Is iron produced on earth
Enigmatic iron factory in space
With the ESA X-ray satellite XMM-Newton, launched on December 10, 1999, scientists discovered a celestial body whose radiation from the early phase of space contains a puzzling message: Is the universe possibly much older than 15 billion years or is there a previously undiscovered iron factory in space?
How does iron get into the world? According to the current theories of astrophysicists, it is incubated inside massive stars by nuclear burning. But these stars do not live forever either. At the end of their life, they have to die. They explode as supernovae and throw their ashes into space. There it mixes with other matter, from which new stars emerge or it is absorbed by black holes in the centers of the galaxies.
Life from star ash
Without the death of these stars, there would be no life on earth. Every heavy element of which our earth and ourselves are made was created in stars in billions of years ago. So each of us carries the ashes of burned out stars.
There is also iron in the ashes of the supernova explosions. The iron abundance is so important because it is a kind of cosmic clock. Since the Big Bang about 14 to 15 billion years ago, all chemical elements - with the exception of the lightest such as hydrogen and helium - have been produced in massive stars and hurled into space in gigantic supernovae explosions. In this way, the proportion of heavy elements in space increases from one generation of stars to the next.
The connection seemed clear: the older the universe, the more iron there should be.
With the time machine into the early phase of the universe
Dr. Norbert Schartel from the European Space Agency ESA as well as Prof. Günther Hasinger and Dr. Stefanie Komossa from the Max Planck Institute for Extraterrestrial Physics in Garching has now made an astonishing discovery that questions this connection. Using spectral observations with the European X-ray satellite XMM-Newton, they found a young quasar that contains unusually large amounts of iron.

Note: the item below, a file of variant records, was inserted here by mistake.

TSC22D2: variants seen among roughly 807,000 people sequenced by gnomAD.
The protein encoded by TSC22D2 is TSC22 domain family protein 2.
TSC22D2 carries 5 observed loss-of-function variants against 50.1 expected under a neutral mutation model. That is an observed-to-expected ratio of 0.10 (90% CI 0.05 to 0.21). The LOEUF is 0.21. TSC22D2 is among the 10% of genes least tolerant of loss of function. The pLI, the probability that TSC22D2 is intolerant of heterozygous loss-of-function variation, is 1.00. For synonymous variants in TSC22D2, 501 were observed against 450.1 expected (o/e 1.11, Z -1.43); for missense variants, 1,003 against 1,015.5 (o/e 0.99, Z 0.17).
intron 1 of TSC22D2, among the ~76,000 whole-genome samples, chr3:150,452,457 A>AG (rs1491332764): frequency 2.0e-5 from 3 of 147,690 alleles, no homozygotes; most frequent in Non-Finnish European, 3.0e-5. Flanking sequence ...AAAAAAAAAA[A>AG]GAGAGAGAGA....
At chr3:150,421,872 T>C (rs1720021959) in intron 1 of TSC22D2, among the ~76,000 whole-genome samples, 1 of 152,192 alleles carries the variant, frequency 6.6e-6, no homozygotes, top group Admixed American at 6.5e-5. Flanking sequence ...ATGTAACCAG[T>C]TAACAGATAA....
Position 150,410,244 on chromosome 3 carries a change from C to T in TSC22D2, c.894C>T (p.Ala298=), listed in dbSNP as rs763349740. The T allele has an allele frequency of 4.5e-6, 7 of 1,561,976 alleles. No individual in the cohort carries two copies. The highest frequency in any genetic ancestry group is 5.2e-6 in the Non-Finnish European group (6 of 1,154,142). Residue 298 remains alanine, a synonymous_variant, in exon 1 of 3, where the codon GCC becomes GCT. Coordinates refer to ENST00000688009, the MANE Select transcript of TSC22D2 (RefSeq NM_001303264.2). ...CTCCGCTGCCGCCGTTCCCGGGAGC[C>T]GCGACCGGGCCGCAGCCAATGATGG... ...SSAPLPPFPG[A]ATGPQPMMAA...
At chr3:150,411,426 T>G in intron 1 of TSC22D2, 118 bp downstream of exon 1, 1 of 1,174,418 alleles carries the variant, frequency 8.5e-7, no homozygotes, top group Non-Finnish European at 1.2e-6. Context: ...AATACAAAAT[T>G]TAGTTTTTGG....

The quasar is called APM 08279 + 5255. It is one of the most luminous objects in all of space and emits a trillion times more energy than our sun. This is the only reason why the object can be observed despite its great distance.
Telescopes like the XMM-Newton are time machines at the same time. They reveal us insights into worlds long past. With ever more powerful telescopes, not only can we penetrate deeper and deeper into space, we also get closer and closer to the birth of our universe.
Our universe is around 14 to 15 billion years old. His birth - the Big Bang - was short and painful. Since then the universe has been expanding and within this space an infinite number of stars emerge and die every day.
In our considerations we have to keep two things consistently apart: distance and age. Let's start with our sun. The light of the sun takes 8.3 minutes to reach the earth. In other words: the sun is 8.3 light minutes away from us. The sun itself is five to six billion old. It originated when the universe was about nine billion years old.
Now we transfer these relationships to the Quasar APM 08279 + 5255 discovered with XMM-Newton. It is over 13 billion light years away from us. We do not know his exact age. We see it at a time when the universe was only around 1.5 billion years old. The quasar light that we receive today comes from the nursery of the cosmos. It gives us a glimpse into the early phase of space. We do not know whether the body still exists today. The information - the quasar light - takes over 13 billion light years to reach the earth. The quasar is called APM 08279 + 5255. It is one of the most luminous objects in all of space. It emits a quadrillion times more energy than our sun. This is the only reason why the object can be observed despite its great distance.